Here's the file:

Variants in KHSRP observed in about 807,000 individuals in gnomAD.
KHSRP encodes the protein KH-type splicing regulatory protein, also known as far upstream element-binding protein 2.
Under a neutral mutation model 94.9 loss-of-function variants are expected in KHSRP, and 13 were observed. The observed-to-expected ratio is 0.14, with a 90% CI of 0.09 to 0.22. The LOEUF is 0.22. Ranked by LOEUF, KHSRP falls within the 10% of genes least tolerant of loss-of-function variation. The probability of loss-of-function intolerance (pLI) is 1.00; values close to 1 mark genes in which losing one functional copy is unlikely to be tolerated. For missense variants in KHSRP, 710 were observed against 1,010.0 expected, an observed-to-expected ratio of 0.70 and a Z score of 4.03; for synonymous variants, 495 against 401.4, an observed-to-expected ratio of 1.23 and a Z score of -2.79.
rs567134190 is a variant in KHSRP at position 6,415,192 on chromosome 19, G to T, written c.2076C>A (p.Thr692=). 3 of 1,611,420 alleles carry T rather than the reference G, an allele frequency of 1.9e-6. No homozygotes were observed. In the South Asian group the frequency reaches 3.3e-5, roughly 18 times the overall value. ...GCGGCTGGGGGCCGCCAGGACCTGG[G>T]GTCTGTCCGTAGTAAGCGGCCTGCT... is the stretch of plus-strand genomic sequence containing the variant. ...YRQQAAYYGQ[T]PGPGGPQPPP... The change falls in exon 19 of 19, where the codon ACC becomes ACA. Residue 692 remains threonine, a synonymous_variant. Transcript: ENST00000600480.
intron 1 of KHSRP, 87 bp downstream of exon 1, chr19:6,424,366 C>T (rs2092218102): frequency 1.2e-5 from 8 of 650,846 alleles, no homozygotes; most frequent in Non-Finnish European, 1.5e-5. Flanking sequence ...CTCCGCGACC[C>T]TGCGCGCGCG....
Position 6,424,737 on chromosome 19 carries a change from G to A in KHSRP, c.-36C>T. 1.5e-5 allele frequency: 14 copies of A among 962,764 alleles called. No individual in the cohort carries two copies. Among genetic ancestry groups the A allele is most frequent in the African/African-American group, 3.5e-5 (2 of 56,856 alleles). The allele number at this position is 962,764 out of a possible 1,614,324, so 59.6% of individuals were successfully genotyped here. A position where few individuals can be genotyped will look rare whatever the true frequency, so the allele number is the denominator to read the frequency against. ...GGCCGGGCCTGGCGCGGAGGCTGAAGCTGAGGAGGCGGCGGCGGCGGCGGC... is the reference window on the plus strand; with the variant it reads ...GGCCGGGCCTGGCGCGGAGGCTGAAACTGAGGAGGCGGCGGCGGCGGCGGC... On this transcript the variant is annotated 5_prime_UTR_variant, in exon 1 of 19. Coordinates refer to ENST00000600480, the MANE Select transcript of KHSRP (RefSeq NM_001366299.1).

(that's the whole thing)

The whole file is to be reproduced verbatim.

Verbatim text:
Variants in KHSRP observed in about 807,000 individuals in gnomAD.
KHSRP encodes the protein KH-type splicing regulatory protein, also known as far upstream element-binding protein 2.
Under a neutral mutation model 94.9 loss-of-function variants are expected in KHSRP, and 13 were observed. The observed-to-expected ratio is 0.14, with a 90% CI of 0.09 to 0.22. The LOEUF is 0.22. Ranked by LOEUF, KHSRP falls within the 10% of genes least tolerant of loss-of-function variation. The probability of loss-of-function intolerance (pLI) is 1.00; values close to 1 mark genes in which losing one functional copy is unlikely to be tolerated. For missense variants in KHSRP, 710 were observed against 1,010.0 expected, an observed-to-expected ratio of 0.70 and a Z score of 4.03; for synonymous variants, 495 against 401.4, an observed-to-expected ratio of 1.23 and a Z score of -2.79.
rs567134190 is a variant in KHSRP at position 6,415,192 on chromosome 19, G to T, written c.2076C>A (p.Thr692=). 3 of 1,611,420 alleles carry T rather than the reference G, an allele frequency of 1.9e-6. No homozygotes were observed. In the South Asian group the frequency reaches 3.3e-5, roughly 18 times the overall value. ...GCGGCTGGGGGCCGCCAGGACCTGG[G>T]GTCTGTCCGTAGTAAGCGGCCTGCT... is the stretch of plus-strand genomic sequence containing the variant. ...YRQQAAYYGQ[T]PGPGGPQPPP... The change falls in exon 19 of 19, where the codon ACC becomes ACA. Residue 692 remains threonine, a synonymous_variant. Transcript: ENST00000600480.
intron 1 of KHSRP, 87 bp downstream of exon 1, chr19:6,424,366 C>T (rs2092218102): frequency 1.2e-5 from 8 of 650,846 alleles, no homozygotes; most frequent in Non-Finnish European, 1.5e-5. Flanking sequence ...CTCCGCGACC[C>T]TGCGCGCGCG....
Position 6,424,737 on chromosome 19 carries a change from G to A in KHSRP, c.-36C>T. 1.5e-5 allele frequency: 14 copies of A among 962,764 alleles called. No individual in the cohort carries two copies. Among genetic ancestry groups the A allele is most frequent in the African/African-American group, 3.5e-5 (2 of 56,856 alleles). The allele number at this position is 962,764 out of a possible 1,614,324, so 59.6% of individuals were successfully genotyped here. A position where few individuals can be genotyped will look rare whatever the true frequency, so the allele number is the denominator to read the frequency against. ...GGCCGGGCCTGGCGCGGAGGCTGAAGCTGAGGAGGCGGCGGCGGCGGCGGC... is the reference window on the plus strand; with the variant it reads ...GGCCGGGCCTGGCGCGGAGGCTGAAACTGAGGAGGCGGCGGCGGCGGCGGC... On this transcript the variant is annotated 5_prime_UTR_variant, in exon 1 of 19. Coordinates refer to ENST00000600480, the MANE Select transcript of KHSRP (RefSeq NM_001366299.1).